If this Initiative passes it will have a similar effect to Dana Point’s Measure H leaving language left up to staff and lawyers to interpret. Which is why, the typical process for amendments would include staff analysis and property owners and community comments. As proposed, the Initiative only takes the sole perspective of the leaders of the Political Action Committee – Laguna Residents First, excluding all others from the process of helping craft a workable document. 

I find this proposal to be too impactful, casting a net that is too large and with too many unintended consequences. The Initiative includes language and definitions for “Major Remodel,” “Cumulative Effect” and “Average Daily Trips” which contrast and complicate the development standards and needs further professional evaluation. The definitions stated within the Initiative were clearly copied from our neighboring cities such as Dana Point (Measure H) and Costa Mesa (Measure Y). Those measures have acted as a moratorium, stopping potential projects from being proposed and forcing many sites to be left empty and unchanged. 

In conclusion, I am still looking for more reasonable information on the impacts of this Initiative, which is why I will be tuning into the October 5th City Council Meeting (Agenda Item 16) to hear more of the city’s analysis of this Initiative.

Louis Weil

Laguna Beach

Concerns about Ordinance for Defensible Space…remember, green doesn’t burn

(Letter addressed to Laguna Beach Mayor and City Council)

I’m writing you today to ask that you not vote in the adoption of the Ordinance for Defensible Space to the City’s Fire Codes on October 5, 2021. 

I wasn’t able to call in during the last council meeting to ask if a consideration for properties that live on hillsides and steep slopes has been considered? I’ve been in Laguna Beach for 61 years and for years we’ve planted our slopes and steep hillsides with trees, shrubs, and ground covers to keep the topsoil and hillsides from sliding into the yards of our neighbors or into the streets where it will end up in the ocean. The roots of trees are needed to hold deep down under the hillside, shrubs roots are needed to hold topsoil and stop run off, the groundcovers hold the topsoil and stop ponding rains from washing off the mulches and topsoil.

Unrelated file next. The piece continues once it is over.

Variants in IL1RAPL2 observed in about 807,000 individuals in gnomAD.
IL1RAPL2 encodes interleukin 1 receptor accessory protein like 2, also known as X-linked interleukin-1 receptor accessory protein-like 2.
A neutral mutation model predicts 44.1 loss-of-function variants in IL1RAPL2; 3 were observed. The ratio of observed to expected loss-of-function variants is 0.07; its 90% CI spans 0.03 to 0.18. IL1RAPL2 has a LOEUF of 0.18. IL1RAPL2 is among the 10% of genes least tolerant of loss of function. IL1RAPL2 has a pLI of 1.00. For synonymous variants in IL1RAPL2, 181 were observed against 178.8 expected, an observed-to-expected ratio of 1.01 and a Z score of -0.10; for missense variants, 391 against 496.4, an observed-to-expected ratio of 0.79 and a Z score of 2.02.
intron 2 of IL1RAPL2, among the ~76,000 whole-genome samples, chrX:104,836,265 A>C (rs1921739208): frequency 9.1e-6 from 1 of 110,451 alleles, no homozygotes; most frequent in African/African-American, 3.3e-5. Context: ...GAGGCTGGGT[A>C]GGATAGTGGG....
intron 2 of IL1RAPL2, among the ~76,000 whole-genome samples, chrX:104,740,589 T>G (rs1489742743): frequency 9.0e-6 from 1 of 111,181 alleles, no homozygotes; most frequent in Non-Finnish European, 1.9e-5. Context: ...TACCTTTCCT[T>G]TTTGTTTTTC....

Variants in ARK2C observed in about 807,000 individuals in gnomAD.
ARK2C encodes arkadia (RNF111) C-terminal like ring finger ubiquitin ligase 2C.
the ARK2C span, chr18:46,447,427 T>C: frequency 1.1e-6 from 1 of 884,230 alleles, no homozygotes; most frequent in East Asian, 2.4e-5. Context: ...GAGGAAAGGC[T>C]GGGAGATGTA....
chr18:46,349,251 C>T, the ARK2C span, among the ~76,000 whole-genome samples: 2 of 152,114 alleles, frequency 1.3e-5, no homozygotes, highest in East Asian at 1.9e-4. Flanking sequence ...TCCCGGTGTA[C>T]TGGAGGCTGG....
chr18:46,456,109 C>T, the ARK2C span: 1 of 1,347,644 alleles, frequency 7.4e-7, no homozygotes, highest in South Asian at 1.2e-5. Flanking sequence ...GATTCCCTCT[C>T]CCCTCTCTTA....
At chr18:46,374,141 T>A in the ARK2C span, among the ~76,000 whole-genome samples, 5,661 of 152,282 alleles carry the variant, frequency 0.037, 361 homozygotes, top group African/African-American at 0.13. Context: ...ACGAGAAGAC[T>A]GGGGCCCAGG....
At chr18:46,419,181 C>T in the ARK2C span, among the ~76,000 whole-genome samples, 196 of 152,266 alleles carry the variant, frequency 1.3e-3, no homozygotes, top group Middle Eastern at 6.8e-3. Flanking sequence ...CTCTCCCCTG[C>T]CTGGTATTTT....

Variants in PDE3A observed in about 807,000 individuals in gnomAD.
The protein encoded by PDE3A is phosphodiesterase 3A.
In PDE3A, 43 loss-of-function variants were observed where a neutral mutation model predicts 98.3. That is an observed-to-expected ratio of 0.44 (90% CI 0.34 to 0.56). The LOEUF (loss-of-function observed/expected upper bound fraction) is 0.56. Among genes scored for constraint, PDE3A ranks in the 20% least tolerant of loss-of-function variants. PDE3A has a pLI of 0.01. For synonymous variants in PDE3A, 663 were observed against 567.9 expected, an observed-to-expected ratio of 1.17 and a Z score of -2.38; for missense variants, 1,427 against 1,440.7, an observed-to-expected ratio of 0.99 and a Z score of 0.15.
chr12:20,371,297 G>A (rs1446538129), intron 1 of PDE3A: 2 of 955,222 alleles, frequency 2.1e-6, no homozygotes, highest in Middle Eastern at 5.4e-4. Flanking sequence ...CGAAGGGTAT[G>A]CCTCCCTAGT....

In 2008 when our property required the undergrounding to be installed it required us to sleeve up the steep hillside. We had to remove and thin the plant material for the crews to be able to work on the steep terrain, and during the 2010 rains a majority of our hillside slid down to the street below, only the area that the undergrounding was installed in stayed due to our crews compacting the soil correctly. The hillside slid due to the fact we removed a lot of the foliage that was protecting it. 

I will warn you if it was the city that required us to remove that foliage we would have sued, and if you force us to remove the important trees, shrubs or groundcover off my hillside and we have a slope failure we won’t hesitate to bring a lawsuit against the city, so please take another look at this ordinance.     

I was here in 1993 and I agree with our fire department that they need to have a defensible way to address fires and as a landscape contractor I feel that all trees and shrubs should be kept clear of debris and dead material not only for fire prevention but for the tree and shrubs health.   

I have also been here when it has flooded many times in Laguna and all of us homeowners who live on slopes and steep hillsides are so grateful for our trees and shrubs during these storms. 

I am sure that during the fire in 1993 even if every house on Mystic Hills had a defensible space as described in this ordinance they still would have burned. I saw that 40-foot wall of fire going up the hill behind City Hall and there is no way anything was going to stop it with the winds blowing as hard as they were. 

When they started the evacuation for Bluebird Canyon, I was hosing down my mother’s home (and) I saw red hot ashes the size of my foot (woman’s size 7) falling onto the wooden deck, trees and shrubs and the ashes went out when they landed on the green trees, even a pine tree, but when the ashes landed on the shade umbrella it burnt holes in it. 

One of my friends is a fireman and during that fire he was sent from his firehouse in San Juan Capistrano to the Malibu Fire and when Laguna became out of control they were sent here and all they could do was line up all the firetrucks along Top of The World Drive to try to stop it. He said most of the guys were speechless and had tears in their eyes as they watched Mystic Hills burn because even with a defensible yard these firefighters couldn’t get close enough to stop that monster fire. 

Please do not vote for this on October 5th but go over this ordinance and consider how this will impact the slopes and steep hillsides and that it isn’t the green foliage that burns but patio furniture, umbrellas, and woodpiles. I feel this is a drastic measure and will have effects on our health as a community because the trees are needed for shade, shrubs and flowers are needed for our mental health; we need beauty all around us to stay calm, it has been proven that landscaping along roadways can calm and slow traffic. 

So, let’s really look at this ordinance and remember green doesn’t burn. Thank you for considering another look at this,

Liza Interlandi Stewart

Laguna Beach